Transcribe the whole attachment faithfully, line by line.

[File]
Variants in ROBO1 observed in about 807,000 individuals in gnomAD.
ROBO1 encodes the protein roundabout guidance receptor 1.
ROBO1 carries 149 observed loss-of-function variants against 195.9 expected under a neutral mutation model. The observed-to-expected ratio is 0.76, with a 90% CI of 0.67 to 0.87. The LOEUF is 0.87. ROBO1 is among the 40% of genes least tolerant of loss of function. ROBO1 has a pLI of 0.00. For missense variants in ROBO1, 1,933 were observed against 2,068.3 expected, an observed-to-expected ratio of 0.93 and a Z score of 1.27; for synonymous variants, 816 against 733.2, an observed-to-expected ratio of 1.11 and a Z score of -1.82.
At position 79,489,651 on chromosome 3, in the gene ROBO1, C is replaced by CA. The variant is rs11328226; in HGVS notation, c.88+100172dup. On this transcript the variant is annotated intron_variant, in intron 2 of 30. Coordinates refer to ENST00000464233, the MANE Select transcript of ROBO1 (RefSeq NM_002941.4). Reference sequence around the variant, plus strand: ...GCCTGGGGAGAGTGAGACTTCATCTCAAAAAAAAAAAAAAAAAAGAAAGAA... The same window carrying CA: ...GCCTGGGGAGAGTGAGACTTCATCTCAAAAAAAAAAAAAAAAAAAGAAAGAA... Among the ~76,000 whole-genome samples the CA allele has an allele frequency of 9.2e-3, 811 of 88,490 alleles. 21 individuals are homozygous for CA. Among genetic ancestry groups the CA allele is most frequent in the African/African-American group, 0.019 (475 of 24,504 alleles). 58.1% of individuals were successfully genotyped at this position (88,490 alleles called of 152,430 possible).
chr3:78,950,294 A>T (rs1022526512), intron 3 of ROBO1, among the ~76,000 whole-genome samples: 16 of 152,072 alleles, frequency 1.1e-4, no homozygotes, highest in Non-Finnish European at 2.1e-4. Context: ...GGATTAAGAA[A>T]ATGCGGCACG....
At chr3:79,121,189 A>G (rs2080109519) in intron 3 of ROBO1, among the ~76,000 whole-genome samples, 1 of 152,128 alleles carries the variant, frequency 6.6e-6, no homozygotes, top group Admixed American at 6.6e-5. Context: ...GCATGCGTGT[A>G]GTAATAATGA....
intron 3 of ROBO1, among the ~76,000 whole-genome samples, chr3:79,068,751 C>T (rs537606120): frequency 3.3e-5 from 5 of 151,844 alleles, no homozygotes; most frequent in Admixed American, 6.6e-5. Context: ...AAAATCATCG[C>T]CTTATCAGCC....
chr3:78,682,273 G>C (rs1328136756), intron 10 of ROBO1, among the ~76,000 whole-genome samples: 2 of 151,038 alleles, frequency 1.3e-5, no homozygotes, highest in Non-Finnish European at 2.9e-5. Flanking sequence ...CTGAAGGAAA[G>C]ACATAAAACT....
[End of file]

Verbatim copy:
Variants in ROBO1 observed in about 807,000 individuals in gnomAD.
ROBO1 encodes the protein roundabout guidance receptor 1.
ROBO1 carries 149 observed loss-of-function variants against 195.9 expected under a neutral mutation model. The observed-to-expected ratio is 0.76, with a 90% CI of 0.67 to 0.87. The LOEUF is 0.87. ROBO1 is among the 40% of genes least tolerant of loss of function. ROBO1 has a pLI of 0.00. For missense variants in ROBO1, 1,933 were observed against 2,068.3 expected, an observed-to-expected ratio of 0.93 and a Z score of 1.27; for synonymous variants, 816 against 733.2, an observed-to-expected ratio of 1.11 and a Z score of -1.82.
At position 79,489,651 on chromosome 3, in the gene ROBO1, C is replaced by CA. The variant is rs11328226; in HGVS notation, c.88+100172dup. On this transcript the variant is annotated intron_variant, in intron 2 of 30. Coordinates refer to ENST00000464233, the MANE Select transcript of ROBO1 (RefSeq NM_002941.4). Reference sequence around the variant, plus strand: ...GCCTGGGGAGAGTGAGACTTCATCTCAAAAAAAAAAAAAAAAAAGAAAGAA... The same window carrying CA: ...GCCTGGGGAGAGTGAGACTTCATCTCAAAAAAAAAAAAAAAAAAAGAAAGAA... Among the ~76,000 whole-genome samples the CA allele has an allele frequency of 9.2e-3, 811 of 88,490 alleles. 21 individuals are homozygous for CA. Among genetic ancestry groups the CA allele is most frequent in the African/African-American group, 0.019 (475 of 24,504 alleles). 58.1% of individuals were successfully genotyped at this position (88,490 alleles called of 152,430 possible).
chr3:78,950,294 A>T (rs1022526512), intron 3 of ROBO1, among the ~76,000 whole-genome samples: 16 of 152,072 alleles, frequency 1.1e-4, no homozygotes, highest in Non-Finnish European at 2.1e-4. Context: ...GGATTAAGAA[A>T]ATGCGGCACG....
At chr3:79,121,189 A>G (rs2080109519) in intron 3 of ROBO1, among the ~76,000 whole-genome samples, 1 of 152,128 alleles carries the variant, frequency 6.6e-6, no homozygotes, top group Admixed American at 6.6e-5. Context: ...GCATGCGTGT[A>G]GTAATAATGA....
intron 3 of ROBO1, among the ~76,000 whole-genome samples, chr3:79,068,751 C>T (rs537606120): frequency 3.3e-5 from 5 of 151,844 alleles, no homozygotes; most frequent in Admixed American, 6.6e-5. Context: ...AAAATCATCG[C>T]CTTATCAGCC....
chr3:78,682,273 G>C (rs1328136756), intron 10 of ROBO1, among the ~76,000 whole-genome samples: 2 of 151,038 alleles, frequency 1.3e-5, no homozygotes, highest in Non-Finnish European at 2.9e-5. Flanking sequence ...CTGAAGGAAA[G>C]ACATAAAACT....